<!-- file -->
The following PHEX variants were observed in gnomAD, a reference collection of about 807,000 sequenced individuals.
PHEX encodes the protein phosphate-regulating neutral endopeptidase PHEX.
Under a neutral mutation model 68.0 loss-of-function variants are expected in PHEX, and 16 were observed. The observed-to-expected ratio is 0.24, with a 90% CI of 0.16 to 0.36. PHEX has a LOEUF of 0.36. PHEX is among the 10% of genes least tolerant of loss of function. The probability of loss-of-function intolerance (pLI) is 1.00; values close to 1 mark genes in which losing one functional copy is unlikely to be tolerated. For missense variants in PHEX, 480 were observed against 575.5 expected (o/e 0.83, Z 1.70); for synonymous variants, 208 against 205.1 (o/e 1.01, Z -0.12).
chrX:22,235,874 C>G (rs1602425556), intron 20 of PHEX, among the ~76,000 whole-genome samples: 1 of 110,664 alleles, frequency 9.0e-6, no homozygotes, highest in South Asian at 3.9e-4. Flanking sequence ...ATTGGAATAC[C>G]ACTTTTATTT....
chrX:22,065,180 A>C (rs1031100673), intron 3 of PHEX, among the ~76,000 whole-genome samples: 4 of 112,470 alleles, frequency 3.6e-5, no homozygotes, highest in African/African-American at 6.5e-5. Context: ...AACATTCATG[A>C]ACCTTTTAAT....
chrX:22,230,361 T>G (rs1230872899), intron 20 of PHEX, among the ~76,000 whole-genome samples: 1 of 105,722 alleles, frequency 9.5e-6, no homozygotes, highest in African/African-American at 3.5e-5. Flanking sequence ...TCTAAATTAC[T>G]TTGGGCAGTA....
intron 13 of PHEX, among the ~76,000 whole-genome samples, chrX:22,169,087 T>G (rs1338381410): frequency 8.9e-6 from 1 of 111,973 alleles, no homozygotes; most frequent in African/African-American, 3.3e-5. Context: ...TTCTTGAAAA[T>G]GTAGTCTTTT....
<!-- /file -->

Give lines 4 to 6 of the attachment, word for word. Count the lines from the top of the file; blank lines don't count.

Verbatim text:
chrX:22,235,874 C>G (rs1602425556), intron 20 of PHEX, among the ~76,000 whole-genome samples: 1 of 110,664 alleles, frequency 9.0e-6, no homozygotes, highest in South Asian at 3.9e-4. Flanking sequence ...ATTGGAATAC[C>G]ACTTTTATTT....
chrX:22,065,180 A>C (rs1031100673), intron 3 of PHEX, among the ~76,000 whole-genome samples: 4 of 112,470 alleles, frequency 3.6e-5, no homozygotes, highest in African/African-American at 6.5e-5. Context: ...AACATTCATG[A>C]ACCTTTTAAT....
chrX:22,230,361 T>G (rs1230872899), intron 20 of PHEX, among the ~76,000 whole-genome samples: 1 of 105,722 alleles, frequency 9.5e-6, no homozygotes, highest in African/African-American at 3.5e-5. Flanking sequence ...TCTAAATTAC[T>G]TTGGGCAGTA....